"I didn’t start the business in order to do the VAT return.”
It’s a sentiment that will resonate with many people in the early stages of setting up a business. For Nick Kelly, who started Piko London to sell bespoke project management services to the public sector three years ago, the realisation that the company’s finances were taking up too much of his time led him to take on an accountant.
“We were wasting time,” he says. “We used to spend hours working for clients and we wouldn’t invoice. We may not have had a signed contract in place and hadn’t agreed on the price, and we’d then spend hours working on it with no recourse to try and claw money back.”
It’s a familiar tale: entrepreneur starts business and gets by for a while on a business bank account and an Excel spreadsheet, but pretty soon the pile of receipts gets higher, the hours spent trying to track unpaid invoices stretch into the weekend, and it’s not long before the strain starts to show.
“One of the big issues I see is what I call ‘leaving money on the table’,” says Paul Beare, whose accounting practice Paul Beare Ltd, near Maidenhead, serves a range of SME clients. “That will typically involve doing a piece of work but not invoicing for it because work gets in the way.
“That’s when we need to help them out. They may have finished the work six months ago, but the customer isn’t going to chase them to pay it. Little things like that make a big difference. And typically that’s when they take on an extra pair of hands to help with the invoicing.”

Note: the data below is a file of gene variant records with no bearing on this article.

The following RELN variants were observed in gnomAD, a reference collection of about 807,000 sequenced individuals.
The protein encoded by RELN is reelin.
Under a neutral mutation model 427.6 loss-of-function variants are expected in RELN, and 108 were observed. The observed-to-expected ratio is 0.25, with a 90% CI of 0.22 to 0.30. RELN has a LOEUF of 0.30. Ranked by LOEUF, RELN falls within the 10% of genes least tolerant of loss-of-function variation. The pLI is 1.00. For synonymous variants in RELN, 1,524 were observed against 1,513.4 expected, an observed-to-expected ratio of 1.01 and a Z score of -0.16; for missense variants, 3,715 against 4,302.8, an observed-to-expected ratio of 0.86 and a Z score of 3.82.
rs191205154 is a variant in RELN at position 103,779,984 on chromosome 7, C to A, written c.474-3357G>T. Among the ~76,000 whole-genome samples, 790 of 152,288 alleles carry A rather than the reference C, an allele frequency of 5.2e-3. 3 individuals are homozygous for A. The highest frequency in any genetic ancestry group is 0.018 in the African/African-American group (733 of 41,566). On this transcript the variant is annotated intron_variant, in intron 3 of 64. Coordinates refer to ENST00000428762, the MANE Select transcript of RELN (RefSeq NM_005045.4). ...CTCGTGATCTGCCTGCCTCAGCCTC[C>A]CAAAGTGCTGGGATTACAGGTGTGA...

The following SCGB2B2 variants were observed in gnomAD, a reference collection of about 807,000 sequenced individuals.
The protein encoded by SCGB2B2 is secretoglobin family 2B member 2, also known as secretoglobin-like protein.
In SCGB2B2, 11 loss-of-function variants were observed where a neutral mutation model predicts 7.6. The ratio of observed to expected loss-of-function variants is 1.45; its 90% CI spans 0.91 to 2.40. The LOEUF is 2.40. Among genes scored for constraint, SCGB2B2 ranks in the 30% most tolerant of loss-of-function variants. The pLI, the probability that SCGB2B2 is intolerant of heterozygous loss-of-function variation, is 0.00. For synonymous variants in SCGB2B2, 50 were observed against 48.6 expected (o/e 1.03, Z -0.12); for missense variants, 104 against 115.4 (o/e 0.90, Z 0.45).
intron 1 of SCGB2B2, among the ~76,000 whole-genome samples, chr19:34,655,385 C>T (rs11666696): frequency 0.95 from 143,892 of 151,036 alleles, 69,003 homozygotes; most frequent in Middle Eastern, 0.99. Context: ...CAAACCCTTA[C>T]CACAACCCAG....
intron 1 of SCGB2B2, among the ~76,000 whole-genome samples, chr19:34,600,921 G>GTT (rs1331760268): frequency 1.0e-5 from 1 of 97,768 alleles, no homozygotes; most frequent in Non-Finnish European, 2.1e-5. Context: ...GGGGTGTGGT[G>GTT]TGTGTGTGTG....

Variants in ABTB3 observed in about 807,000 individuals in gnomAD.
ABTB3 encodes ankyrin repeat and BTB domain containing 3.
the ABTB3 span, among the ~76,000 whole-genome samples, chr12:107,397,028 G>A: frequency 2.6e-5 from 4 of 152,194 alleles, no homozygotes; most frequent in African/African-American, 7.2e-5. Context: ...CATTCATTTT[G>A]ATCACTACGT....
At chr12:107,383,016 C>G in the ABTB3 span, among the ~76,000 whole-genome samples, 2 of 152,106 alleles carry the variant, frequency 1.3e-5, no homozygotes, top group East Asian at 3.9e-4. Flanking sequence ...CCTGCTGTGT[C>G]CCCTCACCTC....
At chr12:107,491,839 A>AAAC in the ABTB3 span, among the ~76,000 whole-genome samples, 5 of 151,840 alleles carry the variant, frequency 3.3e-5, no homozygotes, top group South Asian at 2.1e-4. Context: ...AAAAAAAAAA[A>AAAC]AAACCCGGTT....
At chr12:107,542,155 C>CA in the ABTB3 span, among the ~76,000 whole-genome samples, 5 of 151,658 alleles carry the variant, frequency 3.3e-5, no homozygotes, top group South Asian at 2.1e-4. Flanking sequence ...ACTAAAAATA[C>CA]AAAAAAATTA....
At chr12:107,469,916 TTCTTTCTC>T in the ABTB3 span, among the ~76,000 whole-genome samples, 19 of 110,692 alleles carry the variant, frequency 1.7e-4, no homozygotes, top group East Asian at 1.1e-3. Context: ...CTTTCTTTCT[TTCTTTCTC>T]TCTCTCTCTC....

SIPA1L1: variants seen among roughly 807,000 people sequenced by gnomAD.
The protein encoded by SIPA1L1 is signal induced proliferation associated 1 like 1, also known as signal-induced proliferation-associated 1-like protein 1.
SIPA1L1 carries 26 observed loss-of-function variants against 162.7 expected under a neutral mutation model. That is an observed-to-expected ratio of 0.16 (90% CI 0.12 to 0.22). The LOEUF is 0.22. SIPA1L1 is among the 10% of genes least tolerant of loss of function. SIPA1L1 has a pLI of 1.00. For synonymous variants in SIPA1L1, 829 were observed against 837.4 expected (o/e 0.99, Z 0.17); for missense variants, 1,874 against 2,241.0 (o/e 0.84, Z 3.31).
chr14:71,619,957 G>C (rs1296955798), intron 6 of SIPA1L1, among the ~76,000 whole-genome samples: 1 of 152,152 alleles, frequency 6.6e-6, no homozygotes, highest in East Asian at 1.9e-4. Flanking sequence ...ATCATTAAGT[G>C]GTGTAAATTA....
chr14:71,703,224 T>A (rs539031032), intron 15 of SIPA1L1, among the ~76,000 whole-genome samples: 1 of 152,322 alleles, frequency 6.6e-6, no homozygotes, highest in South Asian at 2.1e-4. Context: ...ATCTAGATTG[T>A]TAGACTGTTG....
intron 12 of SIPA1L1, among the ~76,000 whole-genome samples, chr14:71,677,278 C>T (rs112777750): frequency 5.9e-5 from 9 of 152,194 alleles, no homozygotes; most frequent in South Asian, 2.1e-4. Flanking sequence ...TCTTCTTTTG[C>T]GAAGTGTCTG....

It’s not just letting invoices go unpaid: Mr Beare says he sees clients struggling to keep up with a whole range of challenges once the business starts to grow. “There are reporting requirements and deadlines around that; taking on a new member of staff and organising their salaries and workplace pensions. Then there’s VAT: we find companies may not have reached the £85,000 threshold but want to charge VAT anyway to give the impression they may be more well-established than they are. It’s a long list.”
Time is money
It’s a story familiar to Anna Burke. She started her animation business with her husband three years ago and has since established the North Wales agency as a well-known local presence.
However, she admits that the company’s growth came with difficulties.
“Initially you do realise you’re spending too much time on payroll and accounts and it’s stressing you out,” she explains. “We quickly realised as we rebranded that we needed a proper accountant to take some of the financial stuff off the desk. Getting help will cost money but it means I can work on the business and make it back. The time you take trying to do the bookkeeping takes over from the other elements of the business, such as finding leads, marketing and sales and so on.”
It was at that point she engaged an accountant to tackle much of Animated’s core financial management: payroll, bookkeeping and so on. “It was great to get some of that off my plate, but I still had to make sure I was in full control of the direction of the company. I’ve had to teach myself about financial strategy and planning. I’ve researched it and listened to other business owners. And we have a business coach who has been guiding us as well.”